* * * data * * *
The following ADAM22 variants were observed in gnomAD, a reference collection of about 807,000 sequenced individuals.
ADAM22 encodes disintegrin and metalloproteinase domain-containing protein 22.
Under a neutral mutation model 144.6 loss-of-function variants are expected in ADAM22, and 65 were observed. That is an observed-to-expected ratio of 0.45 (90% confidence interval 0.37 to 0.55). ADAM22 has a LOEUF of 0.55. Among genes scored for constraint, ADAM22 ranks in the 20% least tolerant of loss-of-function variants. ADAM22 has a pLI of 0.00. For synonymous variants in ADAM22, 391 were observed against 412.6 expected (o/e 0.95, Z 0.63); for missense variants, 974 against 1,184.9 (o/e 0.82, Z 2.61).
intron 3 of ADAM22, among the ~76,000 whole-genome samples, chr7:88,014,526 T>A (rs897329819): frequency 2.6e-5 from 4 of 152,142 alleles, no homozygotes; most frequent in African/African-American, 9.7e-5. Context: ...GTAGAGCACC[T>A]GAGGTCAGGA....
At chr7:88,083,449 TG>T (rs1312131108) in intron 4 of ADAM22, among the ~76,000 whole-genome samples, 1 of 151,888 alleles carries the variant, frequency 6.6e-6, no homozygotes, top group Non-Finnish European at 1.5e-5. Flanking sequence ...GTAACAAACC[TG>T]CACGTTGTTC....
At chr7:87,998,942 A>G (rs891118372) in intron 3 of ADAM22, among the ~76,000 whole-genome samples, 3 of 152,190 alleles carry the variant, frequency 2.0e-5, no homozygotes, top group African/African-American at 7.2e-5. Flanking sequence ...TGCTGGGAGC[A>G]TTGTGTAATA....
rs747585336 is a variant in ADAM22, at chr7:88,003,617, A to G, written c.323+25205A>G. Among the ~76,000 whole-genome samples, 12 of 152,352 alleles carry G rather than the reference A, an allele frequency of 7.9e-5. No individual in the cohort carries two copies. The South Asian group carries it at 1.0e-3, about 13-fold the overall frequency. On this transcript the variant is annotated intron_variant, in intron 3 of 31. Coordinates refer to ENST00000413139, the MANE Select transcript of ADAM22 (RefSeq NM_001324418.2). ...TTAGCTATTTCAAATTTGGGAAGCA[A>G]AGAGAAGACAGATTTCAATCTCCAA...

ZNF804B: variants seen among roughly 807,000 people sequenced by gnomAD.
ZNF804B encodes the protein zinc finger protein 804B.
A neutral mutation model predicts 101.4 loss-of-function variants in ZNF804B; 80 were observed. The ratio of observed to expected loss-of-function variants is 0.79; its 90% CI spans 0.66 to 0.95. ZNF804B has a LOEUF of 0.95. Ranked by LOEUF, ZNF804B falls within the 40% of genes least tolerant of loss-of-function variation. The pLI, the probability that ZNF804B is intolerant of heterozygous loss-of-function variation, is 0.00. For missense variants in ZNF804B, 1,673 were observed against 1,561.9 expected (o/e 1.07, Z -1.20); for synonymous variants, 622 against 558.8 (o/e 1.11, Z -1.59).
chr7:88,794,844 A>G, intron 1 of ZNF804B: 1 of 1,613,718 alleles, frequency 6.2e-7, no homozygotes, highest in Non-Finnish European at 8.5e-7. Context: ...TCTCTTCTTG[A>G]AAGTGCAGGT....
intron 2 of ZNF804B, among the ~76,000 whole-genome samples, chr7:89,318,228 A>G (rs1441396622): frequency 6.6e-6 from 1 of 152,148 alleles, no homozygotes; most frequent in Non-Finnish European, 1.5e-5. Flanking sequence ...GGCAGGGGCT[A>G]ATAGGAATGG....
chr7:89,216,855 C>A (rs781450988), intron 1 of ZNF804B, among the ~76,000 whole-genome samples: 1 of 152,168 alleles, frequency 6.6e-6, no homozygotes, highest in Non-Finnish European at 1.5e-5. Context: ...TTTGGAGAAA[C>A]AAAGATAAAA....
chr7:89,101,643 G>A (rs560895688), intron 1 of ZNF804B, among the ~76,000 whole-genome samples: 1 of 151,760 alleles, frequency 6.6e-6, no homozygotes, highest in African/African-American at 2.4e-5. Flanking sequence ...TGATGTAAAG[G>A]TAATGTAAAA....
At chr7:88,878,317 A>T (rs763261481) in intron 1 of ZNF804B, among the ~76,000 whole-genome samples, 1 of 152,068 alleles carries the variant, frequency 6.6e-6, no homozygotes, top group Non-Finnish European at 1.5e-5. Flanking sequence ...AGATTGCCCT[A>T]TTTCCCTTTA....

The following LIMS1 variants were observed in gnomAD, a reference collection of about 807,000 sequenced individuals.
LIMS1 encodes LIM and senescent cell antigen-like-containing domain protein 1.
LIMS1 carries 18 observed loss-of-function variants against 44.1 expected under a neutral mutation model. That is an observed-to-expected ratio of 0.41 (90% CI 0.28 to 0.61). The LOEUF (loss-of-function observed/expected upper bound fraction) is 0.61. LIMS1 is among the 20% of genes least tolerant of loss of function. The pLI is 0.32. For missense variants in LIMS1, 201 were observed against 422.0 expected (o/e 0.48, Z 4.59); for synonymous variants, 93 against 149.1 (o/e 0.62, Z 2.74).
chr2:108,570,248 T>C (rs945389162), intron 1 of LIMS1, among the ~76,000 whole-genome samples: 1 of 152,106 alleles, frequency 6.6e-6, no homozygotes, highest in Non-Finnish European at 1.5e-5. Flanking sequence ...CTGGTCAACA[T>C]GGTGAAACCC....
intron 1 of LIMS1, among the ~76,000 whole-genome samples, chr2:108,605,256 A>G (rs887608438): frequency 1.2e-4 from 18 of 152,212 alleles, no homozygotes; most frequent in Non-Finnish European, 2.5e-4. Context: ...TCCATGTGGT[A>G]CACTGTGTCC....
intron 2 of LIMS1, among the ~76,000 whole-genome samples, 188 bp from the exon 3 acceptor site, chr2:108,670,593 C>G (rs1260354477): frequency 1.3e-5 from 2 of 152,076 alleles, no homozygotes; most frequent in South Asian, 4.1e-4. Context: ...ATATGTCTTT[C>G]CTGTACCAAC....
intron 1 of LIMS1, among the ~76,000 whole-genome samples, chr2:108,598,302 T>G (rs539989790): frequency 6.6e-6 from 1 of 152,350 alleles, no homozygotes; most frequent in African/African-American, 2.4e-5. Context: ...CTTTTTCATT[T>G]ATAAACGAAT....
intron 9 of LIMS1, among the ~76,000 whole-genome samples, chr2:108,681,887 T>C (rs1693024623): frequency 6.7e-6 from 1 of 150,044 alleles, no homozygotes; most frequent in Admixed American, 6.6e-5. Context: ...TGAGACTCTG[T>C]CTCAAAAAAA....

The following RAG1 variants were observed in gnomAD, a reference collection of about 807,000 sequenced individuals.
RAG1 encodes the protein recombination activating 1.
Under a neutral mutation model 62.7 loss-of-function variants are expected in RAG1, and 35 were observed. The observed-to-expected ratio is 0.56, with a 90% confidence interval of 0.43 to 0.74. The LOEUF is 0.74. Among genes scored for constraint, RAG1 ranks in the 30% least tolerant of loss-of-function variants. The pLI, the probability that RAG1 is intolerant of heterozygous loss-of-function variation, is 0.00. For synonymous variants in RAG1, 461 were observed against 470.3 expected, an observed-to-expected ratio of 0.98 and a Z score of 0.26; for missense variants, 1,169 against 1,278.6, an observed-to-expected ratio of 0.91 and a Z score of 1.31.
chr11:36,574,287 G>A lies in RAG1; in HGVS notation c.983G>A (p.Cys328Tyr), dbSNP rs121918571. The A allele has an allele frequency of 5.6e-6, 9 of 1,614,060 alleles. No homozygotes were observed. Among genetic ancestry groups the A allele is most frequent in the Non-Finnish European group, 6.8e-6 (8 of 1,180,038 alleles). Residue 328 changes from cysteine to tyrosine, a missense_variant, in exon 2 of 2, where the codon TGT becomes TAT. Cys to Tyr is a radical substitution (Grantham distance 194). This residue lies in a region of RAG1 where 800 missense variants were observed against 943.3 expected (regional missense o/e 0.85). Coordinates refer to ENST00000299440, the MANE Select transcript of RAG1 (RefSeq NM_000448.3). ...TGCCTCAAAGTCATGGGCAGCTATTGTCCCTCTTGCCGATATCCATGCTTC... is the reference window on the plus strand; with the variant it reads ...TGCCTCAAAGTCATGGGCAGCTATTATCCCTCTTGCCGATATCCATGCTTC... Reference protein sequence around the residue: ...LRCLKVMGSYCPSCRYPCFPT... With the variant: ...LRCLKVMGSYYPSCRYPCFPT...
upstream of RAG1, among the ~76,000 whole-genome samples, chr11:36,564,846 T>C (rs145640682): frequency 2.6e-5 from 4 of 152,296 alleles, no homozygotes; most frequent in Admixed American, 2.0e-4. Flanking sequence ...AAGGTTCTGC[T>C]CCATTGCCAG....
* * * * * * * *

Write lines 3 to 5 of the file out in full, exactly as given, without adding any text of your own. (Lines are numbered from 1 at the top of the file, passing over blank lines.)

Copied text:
Under a neutral mutation model 144.6 loss-of-function variants are expected in ADAM22, and 65 were observed. That is an observed-to-expected ratio of 0.45 (90% confidence interval 0.37 to 0.55). ADAM22 has a LOEUF of 0.55. Among genes scored for constraint, ADAM22 ranks in the 20% least tolerant of loss-of-function variants. ADAM22 has a pLI of 0.00. For synonymous variants in ADAM22, 391 were observed against 412.6 expected (o/e 0.95, Z 0.63); for missense variants, 974 against 1,184.9 (o/e 0.82, Z 2.61).
intron 3 of ADAM22, among the ~76,000 whole-genome samples, chr7:88,014,526 T>A (rs897329819): frequency 2.6e-5 from 4 of 152,142 alleles, no homozygotes; most frequent in African/African-American, 9.7e-5. Context: ...GTAGAGCACC[T>A]GAGGTCAGGA....
At chr7:88,083,449 TG>T (rs1312131108) in intron 4 of ADAM22, among the ~76,000 whole-genome samples, 1 of 151,888 alleles carries the variant, frequency 6.6e-6, no homozygotes, top group Non-Finnish European at 1.5e-5. Flanking sequence ...GTAACAAACC[TG>T]CACGTTGTTC....